Everglades Restoration Deal May Be Flawed

<p>Florida's plans to purchase nearly 300 square miles of land for Everglades restoration may face some significant challenges, according to skeptics.</p>
July 5, 2008, 11am PDT | Nate Berg
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"Even as most environmentalists here continue to cheer about the acquisition, skeptics have identified complications that they fear will keep the Everglades from being saved. The state, say some hydrologists, federal officials and environmentalists, has bet a huge sum on oft-fertilized farmland that could take at least a decade and billions of dollars to rehabilitate."

"In short, a rescue plan with more land faces more of the same limitations that have undermined Everglades restoration efforts since the '80s: too much human impact and too little money."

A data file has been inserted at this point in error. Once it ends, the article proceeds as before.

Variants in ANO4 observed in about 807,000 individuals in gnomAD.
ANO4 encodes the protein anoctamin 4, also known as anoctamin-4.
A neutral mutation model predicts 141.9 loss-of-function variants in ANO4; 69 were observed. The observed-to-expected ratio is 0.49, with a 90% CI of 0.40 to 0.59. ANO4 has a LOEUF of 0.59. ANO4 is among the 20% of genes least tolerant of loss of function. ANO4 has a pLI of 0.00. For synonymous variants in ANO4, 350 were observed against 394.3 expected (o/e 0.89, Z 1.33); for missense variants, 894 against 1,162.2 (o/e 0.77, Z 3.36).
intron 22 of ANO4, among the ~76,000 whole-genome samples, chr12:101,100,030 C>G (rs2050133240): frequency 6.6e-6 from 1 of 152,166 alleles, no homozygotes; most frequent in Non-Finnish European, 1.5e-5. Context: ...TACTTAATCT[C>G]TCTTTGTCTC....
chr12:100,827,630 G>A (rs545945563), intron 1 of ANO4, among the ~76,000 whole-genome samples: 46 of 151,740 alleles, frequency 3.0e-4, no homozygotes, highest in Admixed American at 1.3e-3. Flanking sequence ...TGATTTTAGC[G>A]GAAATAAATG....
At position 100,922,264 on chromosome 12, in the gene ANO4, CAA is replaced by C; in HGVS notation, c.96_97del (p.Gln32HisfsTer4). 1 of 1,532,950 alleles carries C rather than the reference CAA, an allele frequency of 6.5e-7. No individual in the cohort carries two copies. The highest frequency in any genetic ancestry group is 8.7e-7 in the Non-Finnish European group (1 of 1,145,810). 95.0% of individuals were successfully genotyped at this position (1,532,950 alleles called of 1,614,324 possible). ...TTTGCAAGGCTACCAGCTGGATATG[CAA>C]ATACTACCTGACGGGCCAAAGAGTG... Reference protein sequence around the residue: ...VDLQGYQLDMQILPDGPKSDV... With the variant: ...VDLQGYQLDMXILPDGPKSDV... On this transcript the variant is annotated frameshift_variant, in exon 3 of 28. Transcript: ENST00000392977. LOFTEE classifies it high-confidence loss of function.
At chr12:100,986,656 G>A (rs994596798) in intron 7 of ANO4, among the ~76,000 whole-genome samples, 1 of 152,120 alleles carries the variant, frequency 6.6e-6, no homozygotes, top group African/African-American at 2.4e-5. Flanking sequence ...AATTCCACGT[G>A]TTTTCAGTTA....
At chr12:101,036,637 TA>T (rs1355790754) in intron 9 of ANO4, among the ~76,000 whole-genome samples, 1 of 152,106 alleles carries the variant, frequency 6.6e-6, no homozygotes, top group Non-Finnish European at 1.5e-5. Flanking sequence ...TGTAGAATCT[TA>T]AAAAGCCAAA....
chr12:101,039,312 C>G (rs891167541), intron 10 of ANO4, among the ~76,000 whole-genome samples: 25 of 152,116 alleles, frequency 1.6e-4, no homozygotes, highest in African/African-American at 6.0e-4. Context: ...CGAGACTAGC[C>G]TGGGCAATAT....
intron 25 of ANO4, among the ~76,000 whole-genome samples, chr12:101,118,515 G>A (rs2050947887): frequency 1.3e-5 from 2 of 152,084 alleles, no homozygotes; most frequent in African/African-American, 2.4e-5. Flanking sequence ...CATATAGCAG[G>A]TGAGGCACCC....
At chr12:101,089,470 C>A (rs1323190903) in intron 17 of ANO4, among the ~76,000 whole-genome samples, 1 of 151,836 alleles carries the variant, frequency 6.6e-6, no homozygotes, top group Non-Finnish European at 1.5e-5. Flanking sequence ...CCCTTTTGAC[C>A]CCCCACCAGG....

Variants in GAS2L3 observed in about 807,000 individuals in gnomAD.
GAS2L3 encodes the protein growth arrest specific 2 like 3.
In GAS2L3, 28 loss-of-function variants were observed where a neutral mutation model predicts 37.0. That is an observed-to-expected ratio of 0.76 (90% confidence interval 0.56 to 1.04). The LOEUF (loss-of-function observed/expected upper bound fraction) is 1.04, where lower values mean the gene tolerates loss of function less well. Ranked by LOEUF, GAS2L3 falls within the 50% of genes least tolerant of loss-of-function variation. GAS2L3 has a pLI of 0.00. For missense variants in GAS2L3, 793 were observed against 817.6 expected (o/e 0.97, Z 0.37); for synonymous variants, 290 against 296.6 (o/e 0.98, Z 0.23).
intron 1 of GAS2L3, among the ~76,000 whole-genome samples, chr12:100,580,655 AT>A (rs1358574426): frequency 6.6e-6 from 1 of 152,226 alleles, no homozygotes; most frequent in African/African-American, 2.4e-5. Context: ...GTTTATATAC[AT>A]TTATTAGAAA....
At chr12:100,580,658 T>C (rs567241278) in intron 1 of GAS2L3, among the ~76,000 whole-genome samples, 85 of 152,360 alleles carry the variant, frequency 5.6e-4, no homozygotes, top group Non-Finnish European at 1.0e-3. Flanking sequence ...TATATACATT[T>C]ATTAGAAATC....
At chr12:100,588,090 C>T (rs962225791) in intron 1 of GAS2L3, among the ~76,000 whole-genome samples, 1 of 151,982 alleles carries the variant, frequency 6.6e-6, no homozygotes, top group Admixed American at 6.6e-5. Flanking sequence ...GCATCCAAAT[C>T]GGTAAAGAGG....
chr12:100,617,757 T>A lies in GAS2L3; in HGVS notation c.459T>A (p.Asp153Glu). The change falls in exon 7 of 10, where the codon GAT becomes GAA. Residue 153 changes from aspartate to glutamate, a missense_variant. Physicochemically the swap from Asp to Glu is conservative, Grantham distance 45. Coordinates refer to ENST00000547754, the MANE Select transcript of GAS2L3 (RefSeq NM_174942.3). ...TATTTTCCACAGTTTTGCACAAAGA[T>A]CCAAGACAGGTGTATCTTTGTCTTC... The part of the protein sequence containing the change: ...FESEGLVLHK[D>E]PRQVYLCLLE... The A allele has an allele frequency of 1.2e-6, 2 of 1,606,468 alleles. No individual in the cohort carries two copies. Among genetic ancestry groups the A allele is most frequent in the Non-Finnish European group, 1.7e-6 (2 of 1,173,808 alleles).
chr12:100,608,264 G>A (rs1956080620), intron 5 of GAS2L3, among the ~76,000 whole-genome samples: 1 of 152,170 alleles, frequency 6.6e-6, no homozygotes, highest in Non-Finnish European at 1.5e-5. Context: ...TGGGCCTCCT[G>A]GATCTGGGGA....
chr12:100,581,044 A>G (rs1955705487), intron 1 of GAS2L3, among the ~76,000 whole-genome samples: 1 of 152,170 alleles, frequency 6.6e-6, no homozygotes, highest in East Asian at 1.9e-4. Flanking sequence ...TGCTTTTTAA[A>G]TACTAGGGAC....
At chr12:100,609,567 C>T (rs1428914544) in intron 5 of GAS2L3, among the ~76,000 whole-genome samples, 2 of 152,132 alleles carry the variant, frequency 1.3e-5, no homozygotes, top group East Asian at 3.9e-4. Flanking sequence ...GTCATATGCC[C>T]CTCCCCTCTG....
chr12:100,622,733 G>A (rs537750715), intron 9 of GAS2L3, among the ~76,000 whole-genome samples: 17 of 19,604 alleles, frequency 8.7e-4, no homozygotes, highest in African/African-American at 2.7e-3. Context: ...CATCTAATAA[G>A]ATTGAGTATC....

"The most immediate concerns center on geography, pollution and cost."

"State officials have described the property, now owned by United States Sugar, as a "missing link" between Lake Okeechobee and Everglades National Park, but maps of the area make it look more like the video game Tetris. To create a continuous water flow south, state officials have said they would swap land with Florida Crystals, a major sugar producer in the area."

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Published on Wednesday, July 2, 2008 in The New York Times
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